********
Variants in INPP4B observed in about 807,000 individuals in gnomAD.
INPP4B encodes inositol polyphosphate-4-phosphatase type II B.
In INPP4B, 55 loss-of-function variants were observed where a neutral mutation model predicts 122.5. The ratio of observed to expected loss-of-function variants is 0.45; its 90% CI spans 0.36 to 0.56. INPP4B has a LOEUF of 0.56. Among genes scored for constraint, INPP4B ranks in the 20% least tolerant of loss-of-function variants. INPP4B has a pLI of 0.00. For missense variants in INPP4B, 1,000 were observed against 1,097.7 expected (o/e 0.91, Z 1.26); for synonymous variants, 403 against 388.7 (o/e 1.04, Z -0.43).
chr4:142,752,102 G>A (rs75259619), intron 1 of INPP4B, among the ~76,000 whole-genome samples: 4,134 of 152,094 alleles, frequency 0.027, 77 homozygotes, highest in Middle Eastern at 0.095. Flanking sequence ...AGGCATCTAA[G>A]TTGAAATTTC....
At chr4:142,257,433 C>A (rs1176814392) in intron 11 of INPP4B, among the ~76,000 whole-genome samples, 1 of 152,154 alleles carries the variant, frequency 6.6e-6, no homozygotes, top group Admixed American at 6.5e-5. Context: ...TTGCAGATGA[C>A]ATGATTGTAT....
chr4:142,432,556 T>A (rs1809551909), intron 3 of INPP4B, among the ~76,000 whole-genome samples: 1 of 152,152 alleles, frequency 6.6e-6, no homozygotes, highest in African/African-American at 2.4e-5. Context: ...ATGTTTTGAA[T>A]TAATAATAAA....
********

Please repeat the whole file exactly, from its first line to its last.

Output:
Variants in INPP4B observed in about 807,000 individuals in gnomAD.
INPP4B encodes inositol polyphosphate-4-phosphatase type II B.
In INPP4B, 55 loss-of-function variants were observed where a neutral mutation model predicts 122.5. The ratio of observed to expected loss-of-function variants is 0.45; its 90% CI spans 0.36 to 0.56. INPP4B has a LOEUF of 0.56. Among genes scored for constraint, INPP4B ranks in the 20% least tolerant of loss-of-function variants. INPP4B has a pLI of 0.00. For missense variants in INPP4B, 1,000 were observed against 1,097.7 expected (o/e 0.91, Z 1.26); for synonymous variants, 403 against 388.7 (o/e 1.04, Z -0.43).
chr4:142,752,102 G>A (rs75259619), intron 1 of INPP4B, among the ~76,000 whole-genome samples: 4,134 of 152,094 alleles, frequency 0.027, 77 homozygotes, highest in Middle Eastern at 0.095. Flanking sequence ...AGGCATCTAA[G>A]TTGAAATTTC....
At chr4:142,257,433 C>A (rs1176814392) in intron 11 of INPP4B, among the ~76,000 whole-genome samples, 1 of 152,154 alleles carries the variant, frequency 6.6e-6, no homozygotes, top group Admixed American at 6.5e-5. Context: ...TTGCAGATGA[C>A]ATGATTGTAT....
chr4:142,432,556 T>A (rs1809551909), intron 3 of INPP4B, among the ~76,000 whole-genome samples: 1 of 152,152 alleles, frequency 6.6e-6, no homozygotes, highest in African/African-American at 2.4e-5. Context: ...ATGTTTTGAA[T>A]TAATAATAAA....